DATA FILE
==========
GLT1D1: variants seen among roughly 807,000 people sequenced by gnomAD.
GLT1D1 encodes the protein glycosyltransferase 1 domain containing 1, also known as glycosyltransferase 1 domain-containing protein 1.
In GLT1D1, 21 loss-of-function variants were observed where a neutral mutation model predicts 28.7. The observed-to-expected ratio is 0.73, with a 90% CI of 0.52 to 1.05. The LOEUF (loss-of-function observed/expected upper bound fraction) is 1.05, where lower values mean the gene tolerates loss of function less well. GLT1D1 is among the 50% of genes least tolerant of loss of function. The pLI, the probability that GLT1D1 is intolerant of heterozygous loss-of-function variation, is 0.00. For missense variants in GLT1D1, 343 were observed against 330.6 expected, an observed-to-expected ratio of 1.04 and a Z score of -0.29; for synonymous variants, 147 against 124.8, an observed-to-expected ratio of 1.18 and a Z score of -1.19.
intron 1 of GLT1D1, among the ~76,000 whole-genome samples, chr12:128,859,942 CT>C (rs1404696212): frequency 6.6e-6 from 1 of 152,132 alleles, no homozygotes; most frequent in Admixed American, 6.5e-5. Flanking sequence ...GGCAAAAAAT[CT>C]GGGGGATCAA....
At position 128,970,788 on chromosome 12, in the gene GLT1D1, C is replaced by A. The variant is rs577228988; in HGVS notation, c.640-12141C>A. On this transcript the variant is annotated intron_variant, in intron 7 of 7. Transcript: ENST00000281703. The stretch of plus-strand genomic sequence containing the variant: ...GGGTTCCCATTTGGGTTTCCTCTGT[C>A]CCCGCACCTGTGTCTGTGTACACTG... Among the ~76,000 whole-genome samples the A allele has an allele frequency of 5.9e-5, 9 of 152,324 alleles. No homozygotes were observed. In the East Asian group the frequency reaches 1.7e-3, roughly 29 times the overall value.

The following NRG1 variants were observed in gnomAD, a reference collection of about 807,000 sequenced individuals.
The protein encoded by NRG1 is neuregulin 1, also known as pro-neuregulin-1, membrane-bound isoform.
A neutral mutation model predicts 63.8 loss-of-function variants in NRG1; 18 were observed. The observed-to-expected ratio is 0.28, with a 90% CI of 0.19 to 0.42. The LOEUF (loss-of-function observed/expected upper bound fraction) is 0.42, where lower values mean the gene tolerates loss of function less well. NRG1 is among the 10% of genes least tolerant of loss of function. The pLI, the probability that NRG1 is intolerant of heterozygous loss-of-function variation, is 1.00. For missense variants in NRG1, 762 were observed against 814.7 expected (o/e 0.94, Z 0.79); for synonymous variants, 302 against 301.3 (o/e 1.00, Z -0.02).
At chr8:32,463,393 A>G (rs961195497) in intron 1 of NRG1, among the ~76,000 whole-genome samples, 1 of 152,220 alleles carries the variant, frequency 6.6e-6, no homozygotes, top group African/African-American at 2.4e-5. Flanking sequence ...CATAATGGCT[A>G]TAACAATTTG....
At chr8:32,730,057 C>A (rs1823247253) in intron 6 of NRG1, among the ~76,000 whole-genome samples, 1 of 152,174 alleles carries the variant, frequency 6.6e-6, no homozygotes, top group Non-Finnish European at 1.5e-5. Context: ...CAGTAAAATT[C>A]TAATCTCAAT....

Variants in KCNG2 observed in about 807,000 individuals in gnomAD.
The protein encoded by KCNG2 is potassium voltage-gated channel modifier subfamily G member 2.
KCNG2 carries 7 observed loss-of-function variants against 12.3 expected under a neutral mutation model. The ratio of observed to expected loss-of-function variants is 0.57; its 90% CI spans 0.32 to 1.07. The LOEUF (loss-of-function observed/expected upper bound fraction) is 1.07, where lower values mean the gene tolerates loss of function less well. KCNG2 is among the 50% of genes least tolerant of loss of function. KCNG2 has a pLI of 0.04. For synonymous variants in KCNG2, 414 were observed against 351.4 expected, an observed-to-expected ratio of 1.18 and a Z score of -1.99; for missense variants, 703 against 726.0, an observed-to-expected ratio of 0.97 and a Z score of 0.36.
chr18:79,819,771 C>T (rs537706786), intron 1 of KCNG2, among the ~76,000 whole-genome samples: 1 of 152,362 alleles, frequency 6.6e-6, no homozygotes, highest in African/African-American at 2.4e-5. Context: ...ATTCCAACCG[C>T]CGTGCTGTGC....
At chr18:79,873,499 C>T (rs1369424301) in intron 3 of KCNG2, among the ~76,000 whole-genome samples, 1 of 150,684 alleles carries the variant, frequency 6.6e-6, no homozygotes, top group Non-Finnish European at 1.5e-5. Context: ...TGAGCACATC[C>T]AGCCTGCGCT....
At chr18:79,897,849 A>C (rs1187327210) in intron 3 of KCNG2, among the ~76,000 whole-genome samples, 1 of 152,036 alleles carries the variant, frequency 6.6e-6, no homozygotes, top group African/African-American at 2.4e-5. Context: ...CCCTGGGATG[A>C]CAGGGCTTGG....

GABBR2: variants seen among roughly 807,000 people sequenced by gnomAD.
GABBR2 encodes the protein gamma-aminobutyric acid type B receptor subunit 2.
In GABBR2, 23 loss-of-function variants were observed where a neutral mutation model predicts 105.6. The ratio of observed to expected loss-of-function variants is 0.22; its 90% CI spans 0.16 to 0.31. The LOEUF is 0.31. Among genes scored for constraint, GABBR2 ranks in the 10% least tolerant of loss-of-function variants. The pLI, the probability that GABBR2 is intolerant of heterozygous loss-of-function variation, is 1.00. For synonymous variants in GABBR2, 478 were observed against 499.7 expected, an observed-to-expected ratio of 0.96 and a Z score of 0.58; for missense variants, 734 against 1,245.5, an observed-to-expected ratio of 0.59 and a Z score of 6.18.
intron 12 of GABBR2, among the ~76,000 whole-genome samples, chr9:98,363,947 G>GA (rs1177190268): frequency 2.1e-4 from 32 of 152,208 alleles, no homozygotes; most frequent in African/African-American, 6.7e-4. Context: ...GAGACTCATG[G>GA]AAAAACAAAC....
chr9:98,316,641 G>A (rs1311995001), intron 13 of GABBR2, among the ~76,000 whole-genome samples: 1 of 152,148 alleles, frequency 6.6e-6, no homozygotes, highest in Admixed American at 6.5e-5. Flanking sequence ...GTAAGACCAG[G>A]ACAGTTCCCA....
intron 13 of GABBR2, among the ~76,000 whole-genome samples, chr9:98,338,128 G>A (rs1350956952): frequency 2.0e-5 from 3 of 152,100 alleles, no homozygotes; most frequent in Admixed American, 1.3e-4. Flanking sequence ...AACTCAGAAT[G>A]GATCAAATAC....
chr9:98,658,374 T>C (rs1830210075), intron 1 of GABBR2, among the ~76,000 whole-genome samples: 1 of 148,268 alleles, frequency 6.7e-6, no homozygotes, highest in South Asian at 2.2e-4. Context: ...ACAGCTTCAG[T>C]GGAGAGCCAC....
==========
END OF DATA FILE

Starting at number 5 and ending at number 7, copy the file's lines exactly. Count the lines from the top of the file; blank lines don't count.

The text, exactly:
At position 128,970,788 on chromosome 12, in the gene GLT1D1, C is replaced by A. The variant is rs577228988; in HGVS notation, c.640-12141C>A. On this transcript the variant is annotated intron_variant, in intron 7 of 7. Transcript: ENST00000281703. The stretch of plus-strand genomic sequence containing the variant: ...GGGTTCCCATTTGGGTTTCCTCTGT[C>A]CCCGCACCTGTGTCTGTGTACACTG... Among the ~76,000 whole-genome samples the A allele has an allele frequency of 5.9e-5, 9 of 152,324 alleles. No homozygotes were observed. In the East Asian group the frequency reaches 1.7e-3, roughly 29 times the overall value.

The following NRG1 variants were observed in gnomAD, a reference collection of about 807,000 sequenced individuals.
The protein encoded by NRG1 is neuregulin 1, also known as pro-neuregulin-1, membrane-bound isoform.